How Reductions in U.S. Aid Spending Will Affect Global Health Governance


Photo by jesse orrico on Unsplash

In George W. Bush’s 2003 State of the Union address, he asked Congress to commit $15 billion for AIDS research and assistant. This sum would be the most ever spent by a single nation on the disease up to that point in history.


Partly due to this immense contribution and the ensuing research and progress that followed, the cost of antiretrovirals was able to drop from $4,000 to $125, and Africans thus using antiretrovirals jumped from 50,000 to 2.1 million people.


Due to the Ebola outbreak in 2014, the United States contributed $5.4 billion in aid as well as 3,700 CDC workers and 3,000 active duty military and helped offset the WHO’s delayed response to the crisis.


It’s therefore clear that the United States plays a large part in donating funds and resources to reduce global health disparities (the United States government is the largest global health donor in the world). It does this mainly through bilateral donations and with funds to the Global Fund to Fight AIDs, TB, and Malaria.


With the President’s nationalist, “America first” rhetoric, however, some were concerned that the 2019 federal budget would see a decline in global health funds and destabilize the current global health infrastructure. After all, the White House attempted to submit a plan to reduce funding for Ebola, and Tim Ziemer, the head of biosecurity and global health, had his position eliminated.


2019 Federal Budget and Implications

And when the numbers were released for the United States’ proposed global health funding in 2019, many critics felt their fears were realized. With a funding cut of almost 25%, the United States would fund sizably smaller contributions to USAID and the Global Fund to Fight AIDS, TB, and Malaria.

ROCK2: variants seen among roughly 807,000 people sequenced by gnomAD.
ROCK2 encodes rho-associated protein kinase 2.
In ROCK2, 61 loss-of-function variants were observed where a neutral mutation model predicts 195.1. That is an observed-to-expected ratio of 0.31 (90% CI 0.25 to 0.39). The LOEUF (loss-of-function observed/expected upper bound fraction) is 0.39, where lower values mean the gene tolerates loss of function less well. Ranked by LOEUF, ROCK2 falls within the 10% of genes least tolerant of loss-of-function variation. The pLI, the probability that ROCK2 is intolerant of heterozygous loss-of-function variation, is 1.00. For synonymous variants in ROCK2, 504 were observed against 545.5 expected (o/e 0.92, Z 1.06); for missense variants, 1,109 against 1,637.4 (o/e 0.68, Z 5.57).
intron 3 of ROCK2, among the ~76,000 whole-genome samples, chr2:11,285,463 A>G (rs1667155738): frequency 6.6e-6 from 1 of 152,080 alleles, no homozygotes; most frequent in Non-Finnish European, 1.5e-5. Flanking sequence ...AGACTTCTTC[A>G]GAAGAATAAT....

Yet, so far, this step back by the U.S. from the global health stage has not had the feared effect of destabilizing an already precarious global health infrastructure. What it has done is strengthen the international institutions created in order to reduce global health disparities.


Take the World Health Organization which declared the end of a recent Ebola outbreak in the Democratic Republic of the Congo. The WHO was able to structure such a quick and effective response to changes it had made in its emergency protocol since 2014.


One of the most significant of these changes is a new integrated approach that focuses on using international governments, the government of the affected country, and multilateral organizations (like the World Food Program) together rather than simply isolated funds and responses by different governments (as was largely the case in the 2014 outbreak).


Relevance

When evaluating NGOs in global health, understand that they are now operating in a shifting global governance framework. As the United States slowly steps back from its role as the largest global health donor, the WHO, World Bank, and Global Fund will all restructure and take on a much more prominent role in the landscape.


Knowing this is extremely important in planning growth strategies for smaller NGOs. For example, Partners in Health was able to effectively treat multidrug-resistant tuberculosis in its operating regions only through grants and resources from the WHO and World Bank.


And as NGOs begin to take on multinational projects, securing approval from the WHO or World Bank could be a viable route to gain sustainable funding and partners from governments across the world.

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